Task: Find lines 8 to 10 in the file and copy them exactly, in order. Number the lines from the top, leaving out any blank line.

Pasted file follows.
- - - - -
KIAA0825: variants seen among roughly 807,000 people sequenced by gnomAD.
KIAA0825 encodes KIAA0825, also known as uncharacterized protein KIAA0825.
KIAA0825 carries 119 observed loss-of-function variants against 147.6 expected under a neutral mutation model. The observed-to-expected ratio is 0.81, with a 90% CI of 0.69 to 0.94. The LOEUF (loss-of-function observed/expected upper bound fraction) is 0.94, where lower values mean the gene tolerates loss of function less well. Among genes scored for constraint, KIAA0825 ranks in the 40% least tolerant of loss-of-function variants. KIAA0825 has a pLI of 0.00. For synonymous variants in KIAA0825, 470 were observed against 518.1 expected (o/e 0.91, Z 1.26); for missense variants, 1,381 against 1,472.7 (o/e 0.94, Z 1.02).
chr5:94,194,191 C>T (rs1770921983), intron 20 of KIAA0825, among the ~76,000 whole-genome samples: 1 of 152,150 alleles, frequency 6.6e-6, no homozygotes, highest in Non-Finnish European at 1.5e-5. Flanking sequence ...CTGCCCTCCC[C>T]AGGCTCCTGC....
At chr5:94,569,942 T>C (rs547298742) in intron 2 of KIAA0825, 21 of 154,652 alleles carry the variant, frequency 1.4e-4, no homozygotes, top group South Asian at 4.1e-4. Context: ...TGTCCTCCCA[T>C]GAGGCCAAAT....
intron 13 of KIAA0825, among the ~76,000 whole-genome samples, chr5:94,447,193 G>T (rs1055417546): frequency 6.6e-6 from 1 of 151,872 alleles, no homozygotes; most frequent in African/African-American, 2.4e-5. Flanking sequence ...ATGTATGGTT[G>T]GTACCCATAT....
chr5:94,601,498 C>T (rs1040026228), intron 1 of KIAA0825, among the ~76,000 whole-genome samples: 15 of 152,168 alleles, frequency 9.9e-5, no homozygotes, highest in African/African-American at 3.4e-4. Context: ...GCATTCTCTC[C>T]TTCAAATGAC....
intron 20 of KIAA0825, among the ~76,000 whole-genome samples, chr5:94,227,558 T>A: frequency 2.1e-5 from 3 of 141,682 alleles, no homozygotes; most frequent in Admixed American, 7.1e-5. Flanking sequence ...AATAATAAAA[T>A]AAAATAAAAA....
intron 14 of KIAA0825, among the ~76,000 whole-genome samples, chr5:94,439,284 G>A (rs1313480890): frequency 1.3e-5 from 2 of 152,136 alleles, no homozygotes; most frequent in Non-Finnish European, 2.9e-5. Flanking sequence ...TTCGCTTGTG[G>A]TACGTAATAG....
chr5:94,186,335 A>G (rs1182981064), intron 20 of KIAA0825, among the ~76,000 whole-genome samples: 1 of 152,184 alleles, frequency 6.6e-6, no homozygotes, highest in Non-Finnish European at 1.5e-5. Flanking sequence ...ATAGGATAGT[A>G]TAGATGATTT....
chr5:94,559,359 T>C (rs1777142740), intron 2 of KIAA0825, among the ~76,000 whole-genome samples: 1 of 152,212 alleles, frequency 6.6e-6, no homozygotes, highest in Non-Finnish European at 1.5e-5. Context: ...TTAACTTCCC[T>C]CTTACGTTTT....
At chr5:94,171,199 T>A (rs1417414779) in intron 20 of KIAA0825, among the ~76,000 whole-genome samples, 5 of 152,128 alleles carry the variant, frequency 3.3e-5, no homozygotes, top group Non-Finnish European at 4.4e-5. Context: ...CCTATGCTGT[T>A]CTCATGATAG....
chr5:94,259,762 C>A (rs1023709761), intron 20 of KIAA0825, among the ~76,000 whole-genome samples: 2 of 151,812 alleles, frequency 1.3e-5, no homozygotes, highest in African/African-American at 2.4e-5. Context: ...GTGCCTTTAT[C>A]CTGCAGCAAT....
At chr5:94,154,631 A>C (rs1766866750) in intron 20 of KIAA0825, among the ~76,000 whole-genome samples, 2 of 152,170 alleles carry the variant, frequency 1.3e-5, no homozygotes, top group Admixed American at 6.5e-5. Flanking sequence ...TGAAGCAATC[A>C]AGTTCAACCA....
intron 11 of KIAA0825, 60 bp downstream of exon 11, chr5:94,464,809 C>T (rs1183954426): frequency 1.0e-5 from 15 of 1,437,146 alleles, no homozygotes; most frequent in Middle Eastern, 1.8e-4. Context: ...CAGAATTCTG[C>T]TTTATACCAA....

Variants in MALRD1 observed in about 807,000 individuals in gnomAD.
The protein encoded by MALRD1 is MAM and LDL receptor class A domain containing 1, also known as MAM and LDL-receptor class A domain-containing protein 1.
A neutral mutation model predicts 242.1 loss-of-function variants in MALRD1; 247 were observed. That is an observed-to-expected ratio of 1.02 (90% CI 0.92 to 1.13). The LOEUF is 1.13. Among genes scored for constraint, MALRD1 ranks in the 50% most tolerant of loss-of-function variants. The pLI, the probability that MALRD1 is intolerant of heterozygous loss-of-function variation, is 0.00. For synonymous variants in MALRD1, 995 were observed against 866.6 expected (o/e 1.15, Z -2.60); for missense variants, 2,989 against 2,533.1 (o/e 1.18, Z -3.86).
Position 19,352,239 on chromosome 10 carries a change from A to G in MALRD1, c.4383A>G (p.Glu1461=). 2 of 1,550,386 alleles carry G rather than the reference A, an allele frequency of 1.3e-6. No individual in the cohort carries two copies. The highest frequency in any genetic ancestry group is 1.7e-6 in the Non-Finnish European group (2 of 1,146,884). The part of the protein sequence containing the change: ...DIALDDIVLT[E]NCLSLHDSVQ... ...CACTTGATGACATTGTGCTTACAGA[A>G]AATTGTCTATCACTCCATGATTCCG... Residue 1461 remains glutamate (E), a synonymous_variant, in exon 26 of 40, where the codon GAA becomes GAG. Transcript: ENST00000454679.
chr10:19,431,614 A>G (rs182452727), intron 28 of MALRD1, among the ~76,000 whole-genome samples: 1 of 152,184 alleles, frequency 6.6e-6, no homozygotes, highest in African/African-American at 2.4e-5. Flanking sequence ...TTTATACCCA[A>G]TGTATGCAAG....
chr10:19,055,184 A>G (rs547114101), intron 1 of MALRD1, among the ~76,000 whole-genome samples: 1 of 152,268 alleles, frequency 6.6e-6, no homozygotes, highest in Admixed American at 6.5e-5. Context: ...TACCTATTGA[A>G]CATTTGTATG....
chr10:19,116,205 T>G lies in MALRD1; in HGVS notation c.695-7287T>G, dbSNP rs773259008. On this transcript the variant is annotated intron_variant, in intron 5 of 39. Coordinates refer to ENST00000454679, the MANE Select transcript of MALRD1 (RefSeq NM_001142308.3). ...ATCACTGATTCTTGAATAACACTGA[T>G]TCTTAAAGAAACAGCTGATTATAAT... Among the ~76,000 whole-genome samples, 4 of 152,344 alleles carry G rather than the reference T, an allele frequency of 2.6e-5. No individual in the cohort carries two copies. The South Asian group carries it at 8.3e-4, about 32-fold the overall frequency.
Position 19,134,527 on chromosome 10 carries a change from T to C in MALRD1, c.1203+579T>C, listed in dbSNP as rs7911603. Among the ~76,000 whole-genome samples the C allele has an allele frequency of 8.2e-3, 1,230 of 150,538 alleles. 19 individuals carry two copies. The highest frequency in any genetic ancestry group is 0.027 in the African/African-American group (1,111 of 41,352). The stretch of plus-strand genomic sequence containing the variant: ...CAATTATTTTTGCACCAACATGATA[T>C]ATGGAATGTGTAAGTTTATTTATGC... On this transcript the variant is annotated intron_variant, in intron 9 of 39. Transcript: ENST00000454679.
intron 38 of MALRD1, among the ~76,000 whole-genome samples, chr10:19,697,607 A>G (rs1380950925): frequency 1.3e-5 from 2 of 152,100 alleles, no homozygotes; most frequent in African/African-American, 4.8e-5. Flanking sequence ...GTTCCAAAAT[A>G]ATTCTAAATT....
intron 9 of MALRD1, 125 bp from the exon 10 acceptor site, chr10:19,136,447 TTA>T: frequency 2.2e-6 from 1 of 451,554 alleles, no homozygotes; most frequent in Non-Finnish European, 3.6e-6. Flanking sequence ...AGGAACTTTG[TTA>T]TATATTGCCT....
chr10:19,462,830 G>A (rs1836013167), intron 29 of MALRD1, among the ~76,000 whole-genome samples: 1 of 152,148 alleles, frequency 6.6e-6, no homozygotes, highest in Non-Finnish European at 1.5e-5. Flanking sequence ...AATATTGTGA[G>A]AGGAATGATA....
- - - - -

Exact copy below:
intron 20 of KIAA0825, among the ~76,000 whole-genome samples, chr5:94,227,558 T>A: frequency 2.1e-5 from 3 of 141,682 alleles, no homozygotes; most frequent in Admixed American, 7.1e-5. Flanking sequence ...AATAATAAAA[T>A]AAAATAAAAA....
intron 14 of KIAA0825, among the ~76,000 whole-genome samples, chr5:94,439,284 G>A (rs1313480890): frequency 1.3e-5 from 2 of 152,136 alleles, no homozygotes; most frequent in Non-Finnish European, 2.9e-5. Flanking sequence ...TTCGCTTGTG[G>A]TACGTAATAG....
chr5:94,186,335 A>G (rs1182981064), intron 20 of KIAA0825, among the ~76,000 whole-genome samples: 1 of 152,184 alleles, frequency 6.6e-6, no homozygotes, highest in Non-Finnish European at 1.5e-5. Flanking sequence ...ATAGGATAGT[A>G]TAGATGATTT....